A USB rubber ducky is a USB device that looks like a normal USB thumb drive with the exception that it can be used to send HID commands to a computer just like a keyboard and mouse do. You can purchase a commercial Keystroke Injection Attack Platform or USB rubber ducky from the HakShop or you could make your own DIY USB Rubber Ducky with an Arduino.
There are a number of Arduinos that supports HID commands. The Leonardo or the Pro Micro, for instance, are centered around an ATmega32U4. The 32U4 comes with a full-speed USB transceiver interface, allowing the Pro Micro/Leonardo to be programmed to emulate any USB device. In simple terms, you can program the Pro Micro/Leonardo to act just like a mouse, keyboard or other HID-class USB device. There are even libraries available from the Arduino website that allows the 32U4 Arduinos to appear as a native Mouse and/or Keyboard to a connected computer.
Arduino Pro Micro; ~£3 from eBay
USB Type A surface mount connector
MICRO USB MALE TO USB Female OTG Adapter
Small Toggle Switch
The toggle switch is to be used to put the Arduino into the HID mode. If the Mouse or Keyboard library is constantly running, it will be difficult to program your board, so the switch toggles the board into idle mode and thus allows it to be programmed.
10k Resistor & misc wires
Putting it all together
To assemble the USB dongle, we picked a small USB case but this proved difficult to squeeze all the components inside it.
Normal USB type A to micro USB male adapter was also found to be too big, so we decided to solder a surface mount USB Type A connector to a OTG adapter and glued the plastic parts together. The results look as follows:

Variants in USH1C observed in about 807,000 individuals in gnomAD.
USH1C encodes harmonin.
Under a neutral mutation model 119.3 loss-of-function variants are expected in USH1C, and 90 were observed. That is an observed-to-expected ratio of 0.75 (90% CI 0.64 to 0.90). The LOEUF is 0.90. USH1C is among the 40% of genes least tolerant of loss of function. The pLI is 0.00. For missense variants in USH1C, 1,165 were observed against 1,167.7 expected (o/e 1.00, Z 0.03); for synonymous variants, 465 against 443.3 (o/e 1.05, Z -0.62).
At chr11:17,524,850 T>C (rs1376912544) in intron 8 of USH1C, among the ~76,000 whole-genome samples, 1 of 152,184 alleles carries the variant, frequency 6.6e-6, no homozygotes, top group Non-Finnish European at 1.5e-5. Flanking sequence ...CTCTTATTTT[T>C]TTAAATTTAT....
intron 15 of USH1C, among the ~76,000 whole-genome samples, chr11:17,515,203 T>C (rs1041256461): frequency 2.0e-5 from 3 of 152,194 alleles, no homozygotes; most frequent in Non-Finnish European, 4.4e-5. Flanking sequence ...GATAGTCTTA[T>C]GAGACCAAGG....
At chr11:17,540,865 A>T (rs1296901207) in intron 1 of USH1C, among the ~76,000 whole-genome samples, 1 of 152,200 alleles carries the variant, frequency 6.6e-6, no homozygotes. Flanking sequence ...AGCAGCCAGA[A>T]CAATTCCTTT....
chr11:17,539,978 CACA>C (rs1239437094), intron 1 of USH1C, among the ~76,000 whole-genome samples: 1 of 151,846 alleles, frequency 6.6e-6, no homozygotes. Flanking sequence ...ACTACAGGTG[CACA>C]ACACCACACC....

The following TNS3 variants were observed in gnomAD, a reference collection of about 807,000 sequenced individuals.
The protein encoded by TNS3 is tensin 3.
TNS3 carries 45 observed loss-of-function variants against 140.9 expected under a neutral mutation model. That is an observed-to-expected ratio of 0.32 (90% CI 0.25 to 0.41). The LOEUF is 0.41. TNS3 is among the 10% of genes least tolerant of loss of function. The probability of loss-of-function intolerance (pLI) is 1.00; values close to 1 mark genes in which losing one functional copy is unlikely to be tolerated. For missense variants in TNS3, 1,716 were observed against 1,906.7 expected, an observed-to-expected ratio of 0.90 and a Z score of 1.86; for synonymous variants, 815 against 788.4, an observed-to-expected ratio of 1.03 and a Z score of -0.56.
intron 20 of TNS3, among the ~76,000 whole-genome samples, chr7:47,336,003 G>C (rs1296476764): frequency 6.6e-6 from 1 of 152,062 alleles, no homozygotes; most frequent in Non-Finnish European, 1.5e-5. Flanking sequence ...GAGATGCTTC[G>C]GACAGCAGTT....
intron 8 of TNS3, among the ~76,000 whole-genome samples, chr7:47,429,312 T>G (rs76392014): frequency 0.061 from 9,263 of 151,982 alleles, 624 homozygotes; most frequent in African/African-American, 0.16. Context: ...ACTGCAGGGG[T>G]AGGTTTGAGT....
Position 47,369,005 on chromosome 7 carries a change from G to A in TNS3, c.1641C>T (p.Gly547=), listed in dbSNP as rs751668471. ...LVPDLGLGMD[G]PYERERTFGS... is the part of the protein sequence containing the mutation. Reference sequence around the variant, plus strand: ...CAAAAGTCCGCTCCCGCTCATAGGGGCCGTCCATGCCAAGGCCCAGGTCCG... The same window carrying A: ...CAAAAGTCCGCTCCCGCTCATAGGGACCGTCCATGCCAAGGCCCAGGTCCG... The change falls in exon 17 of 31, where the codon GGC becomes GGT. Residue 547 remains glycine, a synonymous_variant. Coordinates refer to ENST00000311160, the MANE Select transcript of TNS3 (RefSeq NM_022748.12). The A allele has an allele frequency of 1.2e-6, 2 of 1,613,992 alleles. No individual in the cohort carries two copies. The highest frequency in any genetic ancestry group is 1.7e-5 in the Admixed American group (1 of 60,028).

The micro toggle switch was glued at the back of the case and an opening was cut in the case to allow the switch to be toggled.
To finish up the USB rubber ducky, connect the USB adapter to the Pro Micro and fit it in the case. A 10k resistor is soldered between the Pro Micro ground to the Digital Pin 8. Solder a wire between Pin 8 and the common connection of the switch. Connect the 5V pin of the Pro Micro to another pin of the switch. The resulting finish is as follows:
And with the case closed:
Programming your DIY USB Rubber Ducky
To get started, toggle your switch to the “off” position. Then plug it your computer. Upload the following code onto the board using the Arduino environment.
Once uploaded, unplug the USB and toggle the switch to the “on” position. Plug it back in. The above code will open Notepad in Admin mode and type some text. See the following video for a quick demo.
We would like to point out that information provided here are for educational purposes. USB rubber ducky is used to automate task but can also be used unethically to deploy viruses and trojan. We are not responsible for misuse of information provided here.
Thanks for reading. Contact us at email@example.com for comments or questions.